Monday, May 11, 2009

Dead Cats & Vicious Bears 2: The Cat Bounces Higher

Back on March 24 I wrote about the dead cat bounce that had been the "stockmarket recovery" up to that time:

Stocks like Fletcher Building [FBU.NZ] are up more than 20% on recent lows, Mainfreight [MFT.NZ] up by nearly 20%, Sky City Entertainment [SKC.NZ], Goodman Fielder [GFF.NZ], Briscoe Group [BGR.NZ], Hallenstein Glasson [HLG.NZ] and Ryman Healthcare [RYM.NZ] all up over 10%. The NZX is up nearly 200 points, 43 of them today. Markets around the world are up dizzying amounts over the last week and a half, the DOW alone leaping around 1000 points off 13 year lows. It gained nearly 500 points today in the third highest ever percentage gain in the indexes history.

Since then the NZX has added another 250 points plus, the DOW is up a further 1000 points to close at over 8500 last Friday and there have been incredible gains on a wide range of stocks listed on the New Zealand bourse, I mean really incredible gains of more than 50% in some cases, all in the space of a mere two months! 

Gee whiz it is like a bull market! (can you feel the sarcasm?)

Retail stocks seem to be among the biggest gainers, as they were the biggest losers when the economy started to fall apart last year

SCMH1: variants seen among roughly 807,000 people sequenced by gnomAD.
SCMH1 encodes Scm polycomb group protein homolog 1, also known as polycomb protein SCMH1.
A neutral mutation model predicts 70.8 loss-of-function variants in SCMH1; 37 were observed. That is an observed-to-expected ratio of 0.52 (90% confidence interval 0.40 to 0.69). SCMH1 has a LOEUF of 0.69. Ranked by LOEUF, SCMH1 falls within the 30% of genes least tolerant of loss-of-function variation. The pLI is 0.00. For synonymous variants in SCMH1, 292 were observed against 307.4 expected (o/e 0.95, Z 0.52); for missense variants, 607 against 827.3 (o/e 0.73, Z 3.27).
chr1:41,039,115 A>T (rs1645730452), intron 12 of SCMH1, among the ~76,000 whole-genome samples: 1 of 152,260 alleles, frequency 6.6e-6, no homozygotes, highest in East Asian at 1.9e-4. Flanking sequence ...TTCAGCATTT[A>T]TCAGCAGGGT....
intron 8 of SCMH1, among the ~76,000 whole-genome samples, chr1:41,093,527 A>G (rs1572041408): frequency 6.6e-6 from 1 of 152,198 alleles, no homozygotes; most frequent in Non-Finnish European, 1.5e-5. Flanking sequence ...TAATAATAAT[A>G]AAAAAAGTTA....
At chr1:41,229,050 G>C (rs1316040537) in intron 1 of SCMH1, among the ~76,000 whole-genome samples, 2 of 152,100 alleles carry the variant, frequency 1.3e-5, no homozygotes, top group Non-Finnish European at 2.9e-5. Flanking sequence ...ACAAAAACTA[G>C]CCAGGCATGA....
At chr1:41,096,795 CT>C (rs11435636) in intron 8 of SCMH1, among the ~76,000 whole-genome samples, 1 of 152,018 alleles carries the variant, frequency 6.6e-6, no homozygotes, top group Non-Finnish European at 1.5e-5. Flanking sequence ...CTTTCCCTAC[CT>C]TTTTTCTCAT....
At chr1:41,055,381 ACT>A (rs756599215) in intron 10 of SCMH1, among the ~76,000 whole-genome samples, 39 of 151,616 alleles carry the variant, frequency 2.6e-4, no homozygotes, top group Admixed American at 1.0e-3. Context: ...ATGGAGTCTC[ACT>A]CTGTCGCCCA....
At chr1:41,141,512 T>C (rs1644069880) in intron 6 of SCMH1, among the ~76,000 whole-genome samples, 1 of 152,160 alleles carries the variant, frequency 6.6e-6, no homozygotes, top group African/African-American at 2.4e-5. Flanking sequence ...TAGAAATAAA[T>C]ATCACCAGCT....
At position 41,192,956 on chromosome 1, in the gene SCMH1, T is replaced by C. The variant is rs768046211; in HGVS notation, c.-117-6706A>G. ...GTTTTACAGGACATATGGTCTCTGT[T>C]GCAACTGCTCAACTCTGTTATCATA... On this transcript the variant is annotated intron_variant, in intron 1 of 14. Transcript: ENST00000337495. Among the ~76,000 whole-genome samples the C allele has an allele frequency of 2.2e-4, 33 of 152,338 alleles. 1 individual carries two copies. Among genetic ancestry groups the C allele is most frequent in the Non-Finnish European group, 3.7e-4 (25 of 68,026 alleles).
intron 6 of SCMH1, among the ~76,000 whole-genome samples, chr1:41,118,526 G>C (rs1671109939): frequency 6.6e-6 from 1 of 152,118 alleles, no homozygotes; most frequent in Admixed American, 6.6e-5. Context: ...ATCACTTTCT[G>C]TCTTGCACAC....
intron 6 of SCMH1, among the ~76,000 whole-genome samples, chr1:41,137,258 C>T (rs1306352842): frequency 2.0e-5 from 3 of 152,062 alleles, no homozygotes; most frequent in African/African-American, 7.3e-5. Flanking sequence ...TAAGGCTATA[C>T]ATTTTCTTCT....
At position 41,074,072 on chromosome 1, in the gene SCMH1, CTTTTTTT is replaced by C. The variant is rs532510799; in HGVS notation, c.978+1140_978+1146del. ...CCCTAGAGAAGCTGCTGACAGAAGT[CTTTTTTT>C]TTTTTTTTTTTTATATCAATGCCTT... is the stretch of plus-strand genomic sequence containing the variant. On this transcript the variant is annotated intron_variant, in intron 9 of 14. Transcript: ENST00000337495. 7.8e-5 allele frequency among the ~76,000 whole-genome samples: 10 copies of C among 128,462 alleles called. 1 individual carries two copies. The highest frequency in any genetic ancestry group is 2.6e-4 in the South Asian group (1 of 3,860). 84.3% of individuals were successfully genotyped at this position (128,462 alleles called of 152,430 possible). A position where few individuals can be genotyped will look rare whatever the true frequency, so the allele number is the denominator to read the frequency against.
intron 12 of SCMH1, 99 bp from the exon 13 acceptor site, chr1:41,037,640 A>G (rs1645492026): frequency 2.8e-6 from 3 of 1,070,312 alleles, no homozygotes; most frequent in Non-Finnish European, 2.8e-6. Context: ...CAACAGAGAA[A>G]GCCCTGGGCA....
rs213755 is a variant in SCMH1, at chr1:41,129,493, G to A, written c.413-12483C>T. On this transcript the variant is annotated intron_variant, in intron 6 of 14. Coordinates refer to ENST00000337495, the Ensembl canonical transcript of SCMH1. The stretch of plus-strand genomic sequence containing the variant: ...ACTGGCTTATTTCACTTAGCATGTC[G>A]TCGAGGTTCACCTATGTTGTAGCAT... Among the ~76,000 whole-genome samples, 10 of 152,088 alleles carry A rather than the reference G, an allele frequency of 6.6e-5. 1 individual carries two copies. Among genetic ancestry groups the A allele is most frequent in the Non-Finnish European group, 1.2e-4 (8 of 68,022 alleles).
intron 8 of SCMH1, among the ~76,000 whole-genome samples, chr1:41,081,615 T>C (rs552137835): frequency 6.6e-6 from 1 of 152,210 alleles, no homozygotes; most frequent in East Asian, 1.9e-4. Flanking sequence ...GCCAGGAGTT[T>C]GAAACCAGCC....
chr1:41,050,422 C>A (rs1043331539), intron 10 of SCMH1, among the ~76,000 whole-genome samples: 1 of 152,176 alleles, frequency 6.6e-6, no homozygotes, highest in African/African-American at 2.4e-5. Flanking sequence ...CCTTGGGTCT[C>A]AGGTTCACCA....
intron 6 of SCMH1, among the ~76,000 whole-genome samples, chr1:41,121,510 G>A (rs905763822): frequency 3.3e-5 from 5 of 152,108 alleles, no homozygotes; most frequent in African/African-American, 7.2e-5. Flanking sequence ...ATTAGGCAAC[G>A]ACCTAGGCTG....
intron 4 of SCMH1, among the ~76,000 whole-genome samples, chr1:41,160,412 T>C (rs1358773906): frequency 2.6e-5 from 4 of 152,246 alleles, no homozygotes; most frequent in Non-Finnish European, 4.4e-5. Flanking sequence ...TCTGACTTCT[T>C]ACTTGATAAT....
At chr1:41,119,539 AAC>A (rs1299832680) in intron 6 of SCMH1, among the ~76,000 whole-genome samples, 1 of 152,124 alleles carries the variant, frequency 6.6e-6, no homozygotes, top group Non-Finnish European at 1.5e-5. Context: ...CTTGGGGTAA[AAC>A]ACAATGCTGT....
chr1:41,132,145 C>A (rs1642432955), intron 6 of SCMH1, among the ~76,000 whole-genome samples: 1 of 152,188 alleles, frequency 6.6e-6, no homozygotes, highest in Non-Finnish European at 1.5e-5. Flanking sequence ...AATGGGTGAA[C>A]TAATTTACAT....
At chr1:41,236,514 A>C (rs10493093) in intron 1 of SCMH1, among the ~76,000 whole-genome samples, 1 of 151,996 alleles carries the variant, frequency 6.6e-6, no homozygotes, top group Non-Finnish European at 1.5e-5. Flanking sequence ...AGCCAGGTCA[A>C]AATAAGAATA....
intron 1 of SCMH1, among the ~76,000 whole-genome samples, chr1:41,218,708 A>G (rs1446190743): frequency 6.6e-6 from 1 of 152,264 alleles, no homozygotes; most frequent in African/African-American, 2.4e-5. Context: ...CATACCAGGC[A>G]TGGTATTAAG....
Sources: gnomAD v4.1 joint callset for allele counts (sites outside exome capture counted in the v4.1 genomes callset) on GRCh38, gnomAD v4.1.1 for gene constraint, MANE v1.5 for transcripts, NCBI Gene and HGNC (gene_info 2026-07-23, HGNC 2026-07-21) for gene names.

Pumpkin Patch [RYM.NZ] up from 80c to 1.38, Ryman Healthcare [RYM.NZ] up from less than $1.20 to $1.72, Briscoe Group [BGR.NZ] 55c to 94c and Restaurant Brands[RBD.NZ], that serial loser that runs the KFC franchise, up from the high 50s to nearly a buck!

The stocks I mentioned in March have gained considerably, with Ryman Healthcare[RYM.NZ] alone putting on an additional 30% in share price.

What has fundamentally changed though?

A B-I-G fat nothing.

Market sentiment has surely done a 180, but sentiment should be set aside for old Meg Ryan movies, not buying stocks as they go up in price.

Who was buying when they were going South?

Nobody, but market fundamentals were the same then as they are now, terrible!

Makes no sense to me and I think sentiment might come back into the market when investors getting in on rising stocks start blubbing when they realize that sentiment can quite easily change in markets.

A dead cat bouncing even higher means there is further for it to fall and it is going to hurt.


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